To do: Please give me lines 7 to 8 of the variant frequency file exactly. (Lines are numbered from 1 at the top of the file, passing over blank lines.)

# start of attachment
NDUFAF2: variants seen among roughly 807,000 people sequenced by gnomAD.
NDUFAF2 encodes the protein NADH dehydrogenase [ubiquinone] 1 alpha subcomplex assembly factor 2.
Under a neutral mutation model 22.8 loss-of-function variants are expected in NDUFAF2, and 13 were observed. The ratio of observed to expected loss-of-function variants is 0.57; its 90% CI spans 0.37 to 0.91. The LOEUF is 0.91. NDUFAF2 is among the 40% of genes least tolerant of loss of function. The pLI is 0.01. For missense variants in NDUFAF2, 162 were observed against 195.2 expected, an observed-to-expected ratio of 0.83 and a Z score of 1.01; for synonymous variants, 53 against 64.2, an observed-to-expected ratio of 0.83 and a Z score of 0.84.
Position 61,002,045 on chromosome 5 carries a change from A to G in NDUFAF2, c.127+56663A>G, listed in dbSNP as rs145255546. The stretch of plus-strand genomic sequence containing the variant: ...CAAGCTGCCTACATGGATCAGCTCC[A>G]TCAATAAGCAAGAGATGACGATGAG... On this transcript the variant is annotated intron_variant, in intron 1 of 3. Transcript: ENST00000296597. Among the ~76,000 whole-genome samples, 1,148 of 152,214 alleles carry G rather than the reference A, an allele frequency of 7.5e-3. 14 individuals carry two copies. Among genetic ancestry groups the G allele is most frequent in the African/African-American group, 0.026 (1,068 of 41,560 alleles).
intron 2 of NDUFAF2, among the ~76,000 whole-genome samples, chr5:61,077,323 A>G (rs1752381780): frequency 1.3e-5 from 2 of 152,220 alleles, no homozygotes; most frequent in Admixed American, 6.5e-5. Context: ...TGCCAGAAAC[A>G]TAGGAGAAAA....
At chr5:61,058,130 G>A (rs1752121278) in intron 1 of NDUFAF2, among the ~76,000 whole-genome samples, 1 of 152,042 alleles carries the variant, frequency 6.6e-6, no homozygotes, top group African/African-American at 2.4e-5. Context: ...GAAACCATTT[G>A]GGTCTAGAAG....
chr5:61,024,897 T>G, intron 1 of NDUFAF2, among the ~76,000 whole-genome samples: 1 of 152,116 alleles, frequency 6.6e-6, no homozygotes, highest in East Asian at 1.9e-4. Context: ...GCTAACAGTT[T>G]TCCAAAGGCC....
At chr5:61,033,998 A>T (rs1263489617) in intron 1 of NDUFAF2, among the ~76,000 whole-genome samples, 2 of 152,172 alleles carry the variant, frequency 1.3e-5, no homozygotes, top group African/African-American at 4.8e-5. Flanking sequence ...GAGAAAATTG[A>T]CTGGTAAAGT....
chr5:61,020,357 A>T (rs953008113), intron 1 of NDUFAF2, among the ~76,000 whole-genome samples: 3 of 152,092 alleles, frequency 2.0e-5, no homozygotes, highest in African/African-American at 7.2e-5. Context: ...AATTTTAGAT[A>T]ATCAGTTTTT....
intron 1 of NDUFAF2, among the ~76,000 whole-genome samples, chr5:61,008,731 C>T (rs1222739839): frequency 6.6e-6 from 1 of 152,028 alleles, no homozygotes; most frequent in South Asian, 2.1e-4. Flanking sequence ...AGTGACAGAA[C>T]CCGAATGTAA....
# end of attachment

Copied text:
chr5:61,024,897 T>G, intron 1 of NDUFAF2, among the ~76,000 whole-genome samples: 1 of 152,116 alleles, frequency 6.6e-6, no homozygotes, highest in East Asian at 1.9e-4. Context: ...GCTAACAGTT[T>G]TCCAAAGGCC....
At chr5:61,033,998 A>T (rs1263489617) in intron 1 of NDUFAF2, among the ~76,000 whole-genome samples, 2 of 152,172 alleles carry the variant, frequency 1.3e-5, no homozygotes, top group African/African-American at 4.8e-5. Flanking sequence ...GAGAAAATTG[A>T]CTGGTAAAGT....